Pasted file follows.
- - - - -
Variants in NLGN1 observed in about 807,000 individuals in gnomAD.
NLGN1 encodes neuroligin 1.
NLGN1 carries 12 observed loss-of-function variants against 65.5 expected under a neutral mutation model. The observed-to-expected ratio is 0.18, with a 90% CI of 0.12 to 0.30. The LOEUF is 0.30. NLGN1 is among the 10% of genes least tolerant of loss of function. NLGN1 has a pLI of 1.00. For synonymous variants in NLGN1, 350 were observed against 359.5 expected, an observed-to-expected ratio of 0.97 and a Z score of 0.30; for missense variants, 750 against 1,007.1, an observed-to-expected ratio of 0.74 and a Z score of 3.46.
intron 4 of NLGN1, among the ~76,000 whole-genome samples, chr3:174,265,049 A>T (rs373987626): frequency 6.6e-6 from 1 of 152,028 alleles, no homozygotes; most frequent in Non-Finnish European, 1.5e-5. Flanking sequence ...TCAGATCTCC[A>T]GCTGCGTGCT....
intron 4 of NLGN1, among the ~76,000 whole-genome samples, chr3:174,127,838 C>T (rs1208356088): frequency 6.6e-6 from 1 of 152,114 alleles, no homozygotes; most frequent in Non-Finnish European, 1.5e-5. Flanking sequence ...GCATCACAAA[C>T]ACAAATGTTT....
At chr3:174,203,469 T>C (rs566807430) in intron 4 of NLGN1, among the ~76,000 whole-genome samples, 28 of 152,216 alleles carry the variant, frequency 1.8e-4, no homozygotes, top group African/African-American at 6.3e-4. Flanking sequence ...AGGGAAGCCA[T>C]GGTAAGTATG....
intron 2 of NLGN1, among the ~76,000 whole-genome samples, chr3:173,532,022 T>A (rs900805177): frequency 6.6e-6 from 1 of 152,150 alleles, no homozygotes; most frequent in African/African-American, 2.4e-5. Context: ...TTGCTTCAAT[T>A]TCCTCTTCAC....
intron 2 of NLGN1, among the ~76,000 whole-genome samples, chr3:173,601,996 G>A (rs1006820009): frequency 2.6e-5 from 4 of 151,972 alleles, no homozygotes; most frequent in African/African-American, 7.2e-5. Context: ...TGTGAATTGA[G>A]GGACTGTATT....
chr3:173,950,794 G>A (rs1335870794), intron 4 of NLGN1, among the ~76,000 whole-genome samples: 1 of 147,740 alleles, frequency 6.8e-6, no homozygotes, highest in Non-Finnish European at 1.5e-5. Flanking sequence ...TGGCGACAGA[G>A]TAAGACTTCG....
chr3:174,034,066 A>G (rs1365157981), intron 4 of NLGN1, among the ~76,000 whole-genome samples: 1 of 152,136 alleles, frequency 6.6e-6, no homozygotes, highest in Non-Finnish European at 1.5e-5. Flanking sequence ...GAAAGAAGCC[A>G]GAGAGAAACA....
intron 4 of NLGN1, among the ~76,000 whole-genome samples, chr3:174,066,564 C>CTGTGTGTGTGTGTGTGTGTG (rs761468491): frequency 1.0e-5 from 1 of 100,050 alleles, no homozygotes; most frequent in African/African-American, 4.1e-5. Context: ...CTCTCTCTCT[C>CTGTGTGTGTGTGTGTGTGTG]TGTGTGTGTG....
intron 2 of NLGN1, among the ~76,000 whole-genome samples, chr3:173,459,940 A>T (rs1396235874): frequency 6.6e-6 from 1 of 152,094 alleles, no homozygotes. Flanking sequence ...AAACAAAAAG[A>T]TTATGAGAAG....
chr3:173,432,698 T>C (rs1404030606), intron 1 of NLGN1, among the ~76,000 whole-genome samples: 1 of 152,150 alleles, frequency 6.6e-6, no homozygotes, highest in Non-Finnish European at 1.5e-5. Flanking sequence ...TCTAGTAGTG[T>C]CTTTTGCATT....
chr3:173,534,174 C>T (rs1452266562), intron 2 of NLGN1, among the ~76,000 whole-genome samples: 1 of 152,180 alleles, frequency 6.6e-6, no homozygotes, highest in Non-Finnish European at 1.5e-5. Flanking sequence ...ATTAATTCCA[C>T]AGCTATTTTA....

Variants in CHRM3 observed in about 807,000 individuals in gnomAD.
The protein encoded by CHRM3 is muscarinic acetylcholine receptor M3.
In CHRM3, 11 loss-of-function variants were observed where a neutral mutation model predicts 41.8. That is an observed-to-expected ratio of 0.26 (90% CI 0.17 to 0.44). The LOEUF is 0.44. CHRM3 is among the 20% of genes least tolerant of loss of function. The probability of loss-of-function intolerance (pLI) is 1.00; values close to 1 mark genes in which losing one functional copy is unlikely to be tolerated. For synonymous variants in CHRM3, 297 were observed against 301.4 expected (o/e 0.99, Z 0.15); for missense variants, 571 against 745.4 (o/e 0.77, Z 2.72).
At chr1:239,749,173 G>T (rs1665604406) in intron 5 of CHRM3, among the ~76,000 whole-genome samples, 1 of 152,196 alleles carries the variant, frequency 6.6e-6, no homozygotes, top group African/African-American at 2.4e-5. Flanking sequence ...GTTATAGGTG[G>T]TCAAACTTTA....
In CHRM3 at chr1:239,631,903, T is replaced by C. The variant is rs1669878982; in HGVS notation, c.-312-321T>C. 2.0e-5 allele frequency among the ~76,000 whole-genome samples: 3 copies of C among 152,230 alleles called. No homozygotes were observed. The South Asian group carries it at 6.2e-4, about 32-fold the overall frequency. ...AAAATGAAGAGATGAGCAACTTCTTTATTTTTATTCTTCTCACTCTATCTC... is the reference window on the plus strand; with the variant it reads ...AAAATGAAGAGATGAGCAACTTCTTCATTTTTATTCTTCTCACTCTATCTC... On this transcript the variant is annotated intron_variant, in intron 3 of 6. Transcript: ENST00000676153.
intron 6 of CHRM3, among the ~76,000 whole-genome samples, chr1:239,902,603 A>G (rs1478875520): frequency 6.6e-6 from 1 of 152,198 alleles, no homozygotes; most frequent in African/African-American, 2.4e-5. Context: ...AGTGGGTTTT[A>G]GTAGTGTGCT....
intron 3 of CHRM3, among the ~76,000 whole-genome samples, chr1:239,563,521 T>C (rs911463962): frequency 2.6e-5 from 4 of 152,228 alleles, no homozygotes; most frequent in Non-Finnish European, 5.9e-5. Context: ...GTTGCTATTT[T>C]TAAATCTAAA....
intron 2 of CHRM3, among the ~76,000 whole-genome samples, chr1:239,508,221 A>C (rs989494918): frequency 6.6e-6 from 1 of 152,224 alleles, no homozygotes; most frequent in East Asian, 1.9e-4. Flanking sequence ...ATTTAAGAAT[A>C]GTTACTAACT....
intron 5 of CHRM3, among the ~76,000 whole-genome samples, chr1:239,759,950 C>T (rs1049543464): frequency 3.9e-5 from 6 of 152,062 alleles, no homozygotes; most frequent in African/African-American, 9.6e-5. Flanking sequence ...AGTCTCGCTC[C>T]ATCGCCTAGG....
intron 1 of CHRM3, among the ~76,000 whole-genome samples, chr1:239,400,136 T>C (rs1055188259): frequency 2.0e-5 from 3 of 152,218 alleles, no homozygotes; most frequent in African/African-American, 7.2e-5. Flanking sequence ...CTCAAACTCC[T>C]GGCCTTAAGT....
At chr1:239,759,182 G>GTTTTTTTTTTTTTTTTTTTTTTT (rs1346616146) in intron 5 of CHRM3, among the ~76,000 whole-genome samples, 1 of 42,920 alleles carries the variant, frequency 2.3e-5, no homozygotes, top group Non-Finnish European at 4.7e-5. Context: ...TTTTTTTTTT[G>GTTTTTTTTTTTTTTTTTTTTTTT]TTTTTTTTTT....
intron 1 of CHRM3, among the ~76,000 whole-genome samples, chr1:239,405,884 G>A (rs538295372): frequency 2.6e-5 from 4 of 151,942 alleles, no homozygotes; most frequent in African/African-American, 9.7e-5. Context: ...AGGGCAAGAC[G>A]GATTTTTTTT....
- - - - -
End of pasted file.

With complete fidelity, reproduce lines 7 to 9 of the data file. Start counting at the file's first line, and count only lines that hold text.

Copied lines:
intron 2 of NLGN1, among the ~76,000 whole-genome samples, chr3:173,532,022 T>A (rs900805177): frequency 6.6e-6 from 1 of 152,150 alleles, no homozygotes; most frequent in African/African-American, 2.4e-5. Context: ...TTGCTTCAAT[T>A]TCCTCTTCAC....
intron 2 of NLGN1, among the ~76,000 whole-genome samples, chr3:173,601,996 G>A (rs1006820009): frequency 2.6e-5 from 4 of 151,972 alleles, no homozygotes; most frequent in African/African-American, 7.2e-5. Context: ...TGTGAATTGA[G>A]GGACTGTATT....
chr3:173,950,794 G>A (rs1335870794), intron 4 of NLGN1, among the ~76,000 whole-genome samples: 1 of 147,740 alleles, frequency 6.8e-6, no homozygotes, highest in Non-Finnish European at 1.5e-5. Flanking sequence ...TGGCGACAGA[G>A]TAAGACTTCG....